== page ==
...A few weeks ago, Jenson started growling and snapping at the beardie. We cannot pin point the reason behind it but a lot of the time there is food or treats around, whereas they quite often share crumbs from treats left on the ground and there has never been an issue when we are giving treats to them. They can even swap food bowls and eat one another’s food and Jenson doesn’t care when the other dog eats his food. Sometimes the snapping starts with what seems to be no reason what so ever.
...Our bearded collie is a very chilled character, he freezes whenever Jenson has snapped at him.
... The vet seemed to think that despite puberty, it was very uncommon for Jenson to start attacking a dog with whom he has lived with since being brought home.
...as Jenson sometimes gives no warning that he’s about to go for the other dog and so we have no time to grab hold of him. We worry that keeping them separate may build up more frustration in Jenson.
For me, the above excerpts of your post contain a LOT of red flags and I think that you are absolutely right to be concerned. Several quick points. First, I agree with the suggestion that you get a balanced, experience trainer on board ASAP. If you post your location, forum members may be able to recommend one or more possibilities.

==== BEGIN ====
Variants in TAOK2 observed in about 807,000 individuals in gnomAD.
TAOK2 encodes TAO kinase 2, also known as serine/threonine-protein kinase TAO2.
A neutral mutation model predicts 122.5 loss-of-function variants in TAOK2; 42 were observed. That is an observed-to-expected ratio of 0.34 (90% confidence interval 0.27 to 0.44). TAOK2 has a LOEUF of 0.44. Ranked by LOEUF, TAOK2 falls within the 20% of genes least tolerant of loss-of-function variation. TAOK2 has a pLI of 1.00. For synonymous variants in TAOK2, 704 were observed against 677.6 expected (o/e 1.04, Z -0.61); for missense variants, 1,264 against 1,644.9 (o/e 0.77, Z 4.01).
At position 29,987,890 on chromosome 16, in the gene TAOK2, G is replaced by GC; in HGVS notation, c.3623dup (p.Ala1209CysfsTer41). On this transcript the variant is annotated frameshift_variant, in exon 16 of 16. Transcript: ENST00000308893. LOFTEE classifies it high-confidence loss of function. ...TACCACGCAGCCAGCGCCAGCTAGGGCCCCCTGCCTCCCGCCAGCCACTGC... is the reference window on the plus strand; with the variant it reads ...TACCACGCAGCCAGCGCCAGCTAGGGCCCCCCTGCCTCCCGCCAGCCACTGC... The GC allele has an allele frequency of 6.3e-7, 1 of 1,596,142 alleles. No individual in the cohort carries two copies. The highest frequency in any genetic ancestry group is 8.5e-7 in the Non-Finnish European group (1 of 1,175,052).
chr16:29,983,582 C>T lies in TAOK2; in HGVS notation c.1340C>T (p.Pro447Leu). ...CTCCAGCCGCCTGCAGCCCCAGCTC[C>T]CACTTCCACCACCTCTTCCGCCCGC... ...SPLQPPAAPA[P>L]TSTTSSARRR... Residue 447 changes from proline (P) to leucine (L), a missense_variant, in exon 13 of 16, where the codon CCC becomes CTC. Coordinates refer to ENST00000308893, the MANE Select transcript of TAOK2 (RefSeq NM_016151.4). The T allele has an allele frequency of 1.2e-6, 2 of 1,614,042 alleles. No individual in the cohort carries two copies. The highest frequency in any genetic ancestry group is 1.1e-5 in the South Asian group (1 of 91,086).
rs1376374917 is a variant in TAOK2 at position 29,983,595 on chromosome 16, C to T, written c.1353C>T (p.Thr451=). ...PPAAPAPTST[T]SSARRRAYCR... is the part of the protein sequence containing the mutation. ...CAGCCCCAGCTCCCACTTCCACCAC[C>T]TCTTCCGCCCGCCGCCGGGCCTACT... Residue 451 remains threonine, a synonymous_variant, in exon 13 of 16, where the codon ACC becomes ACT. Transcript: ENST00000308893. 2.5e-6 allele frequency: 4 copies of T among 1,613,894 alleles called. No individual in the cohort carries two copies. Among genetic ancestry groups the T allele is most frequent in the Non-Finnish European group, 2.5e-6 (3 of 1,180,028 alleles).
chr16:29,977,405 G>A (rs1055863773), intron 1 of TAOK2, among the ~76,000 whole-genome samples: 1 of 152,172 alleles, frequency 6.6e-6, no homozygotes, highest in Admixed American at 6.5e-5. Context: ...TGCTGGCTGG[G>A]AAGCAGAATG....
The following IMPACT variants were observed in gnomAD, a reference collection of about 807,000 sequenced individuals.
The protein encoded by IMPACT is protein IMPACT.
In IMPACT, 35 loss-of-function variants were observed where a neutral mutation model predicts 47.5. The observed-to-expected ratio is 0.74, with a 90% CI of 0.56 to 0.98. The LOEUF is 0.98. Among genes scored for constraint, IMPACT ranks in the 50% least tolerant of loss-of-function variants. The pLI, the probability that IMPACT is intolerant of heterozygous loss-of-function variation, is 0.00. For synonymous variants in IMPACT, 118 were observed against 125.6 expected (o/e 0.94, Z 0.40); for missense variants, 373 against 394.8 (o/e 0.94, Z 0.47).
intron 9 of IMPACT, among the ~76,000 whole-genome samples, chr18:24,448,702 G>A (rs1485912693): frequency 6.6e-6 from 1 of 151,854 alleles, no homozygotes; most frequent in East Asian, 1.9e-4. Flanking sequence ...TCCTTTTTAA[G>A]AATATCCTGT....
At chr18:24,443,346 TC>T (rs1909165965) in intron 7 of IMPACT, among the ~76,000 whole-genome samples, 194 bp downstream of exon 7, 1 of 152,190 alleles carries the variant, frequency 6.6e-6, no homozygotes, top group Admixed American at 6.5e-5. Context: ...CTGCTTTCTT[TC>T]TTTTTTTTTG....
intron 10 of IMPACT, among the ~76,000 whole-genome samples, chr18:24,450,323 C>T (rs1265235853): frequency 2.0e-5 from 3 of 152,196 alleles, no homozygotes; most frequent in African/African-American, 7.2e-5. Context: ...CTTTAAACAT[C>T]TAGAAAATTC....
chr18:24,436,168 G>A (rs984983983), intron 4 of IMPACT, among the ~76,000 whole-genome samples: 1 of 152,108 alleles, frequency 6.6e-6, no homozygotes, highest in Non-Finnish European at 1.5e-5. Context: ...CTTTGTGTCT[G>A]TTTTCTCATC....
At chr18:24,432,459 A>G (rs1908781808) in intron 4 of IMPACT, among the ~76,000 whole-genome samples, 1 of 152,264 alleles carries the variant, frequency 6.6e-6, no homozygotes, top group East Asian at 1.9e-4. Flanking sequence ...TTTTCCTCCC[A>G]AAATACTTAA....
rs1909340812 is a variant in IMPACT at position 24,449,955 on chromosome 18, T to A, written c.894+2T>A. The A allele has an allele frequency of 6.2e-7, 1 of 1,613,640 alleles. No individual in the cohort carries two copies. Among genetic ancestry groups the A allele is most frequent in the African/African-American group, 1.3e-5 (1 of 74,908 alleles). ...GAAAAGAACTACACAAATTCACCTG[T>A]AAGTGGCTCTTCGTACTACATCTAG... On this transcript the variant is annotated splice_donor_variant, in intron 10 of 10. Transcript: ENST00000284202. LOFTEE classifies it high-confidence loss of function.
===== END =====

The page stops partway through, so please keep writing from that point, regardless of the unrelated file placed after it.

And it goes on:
Second, I think you've missed or misunderstood several signals that things haven't been going as smoothly as you believed (see excerpts above). Understandable, dog behavior is often subtle and very quick; that's where a trainer can be particularly helpful. For example, your bearded collie may have been "chill," but he also may have been increasingly intimidated by a pushy puppy.
Third, I disagree with your vet's assessment. It's not at all uncommon for puppies to start sorting out their position (aka trying to take over) especially when they hit puberty --- though I suspect that the puppy started asserting himself prior to that (e.g., that "sharing" that you thought you saw was him TAKING the collie's treats, etc). That's not something that neutering will "fix" and it may well make the situation worse.
Fourth, I agree with the recommendation that you remove all toys and feed and treat separately NOW. Feed both in their respective crates, so that they both feel safer. As well, crate the puppy when you're not there to supervise them directly and keep the pup on a longline (so you can correct rudeness immediately) when you are. Again, get a trainer to help up your game.